A series of train journeys home gives me space to mull over two days spent in London. Yesterday opened with a meeting of the COCAPP Lived Experience Advisory Group (LEAG), expertly chaired by the wonderful Alison Faulkner. Significantly, key parts of COCAPP are changing in response to LEAG recommendations. Our semi-structured interview schedules, for example, directly reflect the LEAG’s input. This is all good, and I am personally learning huge amounts from the opportunity to be involved.
Yesterday evening saw Alan Simpson give his Skellern Lecture followed by Malcolm Rae receiving his Journal of Psychiatric and Mental Health Nursing Lifetime Achievement Award.
As entirely anticipated Alan gave an informed, engaging and challenging talk, which took in his personal journey into mental health nursing and conveyed key messages from his research. Alan gave us plenty to think about. Might peer support workers be attractive to managers with squeezed budgets? Might they begin to replace members of more established groups, nurses included? Or, as Alan hoped, can peer support workers, nurses and others work side-by-side in harmonious fashion for the benefit of people using services?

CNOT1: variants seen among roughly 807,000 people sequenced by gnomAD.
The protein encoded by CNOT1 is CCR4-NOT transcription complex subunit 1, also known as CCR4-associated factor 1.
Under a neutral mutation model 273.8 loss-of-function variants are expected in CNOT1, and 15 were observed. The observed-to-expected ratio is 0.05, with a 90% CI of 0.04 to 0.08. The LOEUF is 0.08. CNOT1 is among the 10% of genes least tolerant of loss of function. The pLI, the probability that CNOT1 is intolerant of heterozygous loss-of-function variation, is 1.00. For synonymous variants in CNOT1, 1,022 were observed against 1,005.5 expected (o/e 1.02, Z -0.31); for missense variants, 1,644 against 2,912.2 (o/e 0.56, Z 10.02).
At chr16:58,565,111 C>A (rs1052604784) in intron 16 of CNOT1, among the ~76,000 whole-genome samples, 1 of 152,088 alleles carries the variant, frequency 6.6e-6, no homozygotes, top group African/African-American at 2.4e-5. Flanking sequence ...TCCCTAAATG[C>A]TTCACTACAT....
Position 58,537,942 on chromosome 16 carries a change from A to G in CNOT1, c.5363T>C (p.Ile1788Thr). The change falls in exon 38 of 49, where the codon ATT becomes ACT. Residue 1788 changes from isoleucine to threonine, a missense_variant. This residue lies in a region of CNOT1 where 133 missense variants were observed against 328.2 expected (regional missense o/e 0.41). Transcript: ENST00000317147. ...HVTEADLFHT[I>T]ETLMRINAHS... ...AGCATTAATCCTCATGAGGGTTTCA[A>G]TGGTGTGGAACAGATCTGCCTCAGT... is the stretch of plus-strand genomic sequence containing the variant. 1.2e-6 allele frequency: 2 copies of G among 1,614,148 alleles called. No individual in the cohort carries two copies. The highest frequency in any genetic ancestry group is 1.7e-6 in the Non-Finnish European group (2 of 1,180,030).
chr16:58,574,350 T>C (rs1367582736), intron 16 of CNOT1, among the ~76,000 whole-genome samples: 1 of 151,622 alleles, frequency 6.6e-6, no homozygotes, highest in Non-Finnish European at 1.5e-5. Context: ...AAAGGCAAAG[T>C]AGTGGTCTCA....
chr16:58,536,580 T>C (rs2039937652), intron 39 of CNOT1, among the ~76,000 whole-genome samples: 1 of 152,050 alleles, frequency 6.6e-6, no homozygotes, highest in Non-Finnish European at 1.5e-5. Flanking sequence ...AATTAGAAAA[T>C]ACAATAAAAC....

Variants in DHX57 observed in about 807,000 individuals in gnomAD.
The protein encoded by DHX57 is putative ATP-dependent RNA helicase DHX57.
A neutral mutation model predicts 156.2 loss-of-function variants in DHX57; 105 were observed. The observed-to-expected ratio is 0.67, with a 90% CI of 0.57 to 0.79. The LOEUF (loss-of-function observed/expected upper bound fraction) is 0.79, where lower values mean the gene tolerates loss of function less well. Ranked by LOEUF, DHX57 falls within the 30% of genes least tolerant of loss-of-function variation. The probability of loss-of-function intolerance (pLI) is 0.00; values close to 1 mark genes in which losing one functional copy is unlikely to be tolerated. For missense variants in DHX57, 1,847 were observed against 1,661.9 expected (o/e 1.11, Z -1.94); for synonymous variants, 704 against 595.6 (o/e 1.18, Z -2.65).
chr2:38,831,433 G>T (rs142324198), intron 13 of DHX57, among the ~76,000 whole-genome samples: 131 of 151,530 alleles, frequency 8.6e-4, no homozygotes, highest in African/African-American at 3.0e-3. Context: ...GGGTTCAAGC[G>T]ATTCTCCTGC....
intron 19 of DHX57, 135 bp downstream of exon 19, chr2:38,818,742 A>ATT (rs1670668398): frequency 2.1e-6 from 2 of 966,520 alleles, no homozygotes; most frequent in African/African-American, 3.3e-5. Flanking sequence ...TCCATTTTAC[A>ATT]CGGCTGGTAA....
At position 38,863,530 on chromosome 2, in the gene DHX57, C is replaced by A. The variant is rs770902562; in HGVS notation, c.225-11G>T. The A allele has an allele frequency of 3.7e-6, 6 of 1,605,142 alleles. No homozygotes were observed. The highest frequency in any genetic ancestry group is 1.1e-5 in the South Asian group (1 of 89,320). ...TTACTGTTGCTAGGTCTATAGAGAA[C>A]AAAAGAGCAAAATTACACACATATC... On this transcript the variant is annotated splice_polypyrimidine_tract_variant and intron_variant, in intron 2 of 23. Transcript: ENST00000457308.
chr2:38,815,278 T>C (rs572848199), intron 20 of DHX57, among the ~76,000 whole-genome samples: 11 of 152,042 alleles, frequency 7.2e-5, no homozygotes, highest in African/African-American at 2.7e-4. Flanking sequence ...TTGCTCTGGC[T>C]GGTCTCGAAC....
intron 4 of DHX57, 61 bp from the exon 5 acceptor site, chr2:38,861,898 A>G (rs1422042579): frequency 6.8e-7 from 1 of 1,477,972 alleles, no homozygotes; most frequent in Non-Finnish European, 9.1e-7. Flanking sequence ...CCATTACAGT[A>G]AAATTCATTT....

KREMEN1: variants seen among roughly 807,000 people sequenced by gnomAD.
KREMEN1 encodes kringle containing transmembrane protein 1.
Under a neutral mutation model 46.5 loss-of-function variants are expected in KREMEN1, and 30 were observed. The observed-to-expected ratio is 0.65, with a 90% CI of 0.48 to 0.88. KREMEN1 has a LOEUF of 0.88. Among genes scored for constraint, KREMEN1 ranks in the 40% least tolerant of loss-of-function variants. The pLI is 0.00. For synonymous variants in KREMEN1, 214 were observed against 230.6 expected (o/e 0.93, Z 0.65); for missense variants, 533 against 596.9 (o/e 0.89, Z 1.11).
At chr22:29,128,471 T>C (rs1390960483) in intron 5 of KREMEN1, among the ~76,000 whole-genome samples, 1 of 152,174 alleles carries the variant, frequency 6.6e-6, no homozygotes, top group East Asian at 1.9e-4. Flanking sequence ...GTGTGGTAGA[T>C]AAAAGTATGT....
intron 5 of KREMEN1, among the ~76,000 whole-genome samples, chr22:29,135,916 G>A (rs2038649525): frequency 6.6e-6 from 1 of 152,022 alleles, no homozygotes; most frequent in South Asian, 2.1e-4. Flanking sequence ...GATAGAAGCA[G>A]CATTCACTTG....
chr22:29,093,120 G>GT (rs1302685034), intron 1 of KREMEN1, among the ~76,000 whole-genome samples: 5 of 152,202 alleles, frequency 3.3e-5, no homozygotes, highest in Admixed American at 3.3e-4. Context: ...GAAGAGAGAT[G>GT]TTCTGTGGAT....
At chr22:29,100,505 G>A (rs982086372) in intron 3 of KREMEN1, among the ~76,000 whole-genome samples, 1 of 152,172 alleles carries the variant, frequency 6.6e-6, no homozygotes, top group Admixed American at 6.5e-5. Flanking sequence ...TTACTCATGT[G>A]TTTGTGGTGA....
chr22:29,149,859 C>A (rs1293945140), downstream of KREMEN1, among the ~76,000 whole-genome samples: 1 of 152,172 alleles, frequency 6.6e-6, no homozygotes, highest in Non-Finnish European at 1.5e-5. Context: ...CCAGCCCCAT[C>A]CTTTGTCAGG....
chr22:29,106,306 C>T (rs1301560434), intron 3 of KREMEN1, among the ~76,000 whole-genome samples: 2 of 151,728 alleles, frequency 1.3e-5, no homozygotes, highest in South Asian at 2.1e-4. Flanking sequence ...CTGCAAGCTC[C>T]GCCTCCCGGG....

Malcolm Rea I do not personally know, though based on the talk on leadership in mental health nursing he gave yesterday this has been my loss. I shall remember his contrasting of ‘drains’ and ‘radiators’ (and try personally to be more of the latter than the former).
Yesterday ended with a convivial social in a London pub, and today was more COCAPP: this time a team meeting followed by a Project Advisory Group (PAG) skillfully chaired by John Larsen from Rethink. Some of our discussion centred on the finer aspects of COCAPP’s design and methods, and for that the study will benefit.
So there we are then: only the shortest summary of some pretty involved discussions, but it will do for now. Home calls.